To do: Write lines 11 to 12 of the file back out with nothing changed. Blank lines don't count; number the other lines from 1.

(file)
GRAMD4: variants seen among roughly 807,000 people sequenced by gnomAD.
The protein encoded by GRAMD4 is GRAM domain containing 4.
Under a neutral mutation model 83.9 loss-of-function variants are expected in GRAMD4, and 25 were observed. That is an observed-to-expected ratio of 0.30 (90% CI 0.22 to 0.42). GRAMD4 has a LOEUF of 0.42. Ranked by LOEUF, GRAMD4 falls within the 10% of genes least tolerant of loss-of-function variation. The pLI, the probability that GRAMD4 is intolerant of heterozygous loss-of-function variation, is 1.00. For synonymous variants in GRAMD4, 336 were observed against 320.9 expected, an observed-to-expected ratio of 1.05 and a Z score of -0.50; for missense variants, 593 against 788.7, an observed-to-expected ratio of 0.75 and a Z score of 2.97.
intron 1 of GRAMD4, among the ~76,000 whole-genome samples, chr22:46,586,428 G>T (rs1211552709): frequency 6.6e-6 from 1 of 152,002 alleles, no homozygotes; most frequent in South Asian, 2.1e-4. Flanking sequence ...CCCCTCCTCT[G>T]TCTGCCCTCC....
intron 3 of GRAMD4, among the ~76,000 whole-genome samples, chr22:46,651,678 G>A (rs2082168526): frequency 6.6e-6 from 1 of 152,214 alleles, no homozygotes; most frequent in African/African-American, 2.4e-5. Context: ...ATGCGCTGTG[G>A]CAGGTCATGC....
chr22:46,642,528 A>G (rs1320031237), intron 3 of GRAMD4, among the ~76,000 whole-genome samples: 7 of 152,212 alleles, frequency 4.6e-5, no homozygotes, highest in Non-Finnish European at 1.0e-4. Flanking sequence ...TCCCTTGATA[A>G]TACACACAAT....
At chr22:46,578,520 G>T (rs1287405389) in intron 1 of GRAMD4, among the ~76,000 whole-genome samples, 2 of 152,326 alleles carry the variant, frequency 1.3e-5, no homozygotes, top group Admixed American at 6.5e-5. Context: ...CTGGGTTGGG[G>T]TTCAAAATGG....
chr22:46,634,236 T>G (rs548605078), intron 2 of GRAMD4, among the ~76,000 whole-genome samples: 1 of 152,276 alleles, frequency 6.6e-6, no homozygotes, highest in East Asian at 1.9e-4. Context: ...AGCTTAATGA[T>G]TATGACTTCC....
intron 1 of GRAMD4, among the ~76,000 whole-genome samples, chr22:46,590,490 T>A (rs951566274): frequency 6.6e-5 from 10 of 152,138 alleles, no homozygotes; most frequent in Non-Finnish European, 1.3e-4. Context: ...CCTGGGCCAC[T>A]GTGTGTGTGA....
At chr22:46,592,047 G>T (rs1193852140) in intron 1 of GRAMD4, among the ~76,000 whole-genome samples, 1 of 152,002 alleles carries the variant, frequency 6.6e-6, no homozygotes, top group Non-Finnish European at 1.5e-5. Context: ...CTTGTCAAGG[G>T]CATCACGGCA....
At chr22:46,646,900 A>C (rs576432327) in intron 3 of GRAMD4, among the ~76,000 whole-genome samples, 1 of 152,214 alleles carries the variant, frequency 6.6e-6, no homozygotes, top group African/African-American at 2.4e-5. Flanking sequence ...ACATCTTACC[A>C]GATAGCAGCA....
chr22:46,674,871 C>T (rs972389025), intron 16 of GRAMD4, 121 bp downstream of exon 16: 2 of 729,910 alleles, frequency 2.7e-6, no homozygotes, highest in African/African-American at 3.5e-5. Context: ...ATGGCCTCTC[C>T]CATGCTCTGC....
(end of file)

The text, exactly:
At chr22:46,646,900 A>C (rs576432327) in intron 3 of GRAMD4, among the ~76,000 whole-genome samples, 1 of 152,214 alleles carries the variant, frequency 6.6e-6, no homozygotes, top group African/African-American at 2.4e-5. Flanking sequence ...ACATCTTACC[A>C]GATAGCAGCA....
chr22:46,674,871 C>T (rs972389025), intron 16 of GRAMD4, 121 bp downstream of exon 16: 2 of 729,910 alleles, frequency 2.7e-6, no homozygotes, highest in African/African-American at 3.5e-5. Context: ...ATGGCCTCTC[C>T]CATGCTCTGC....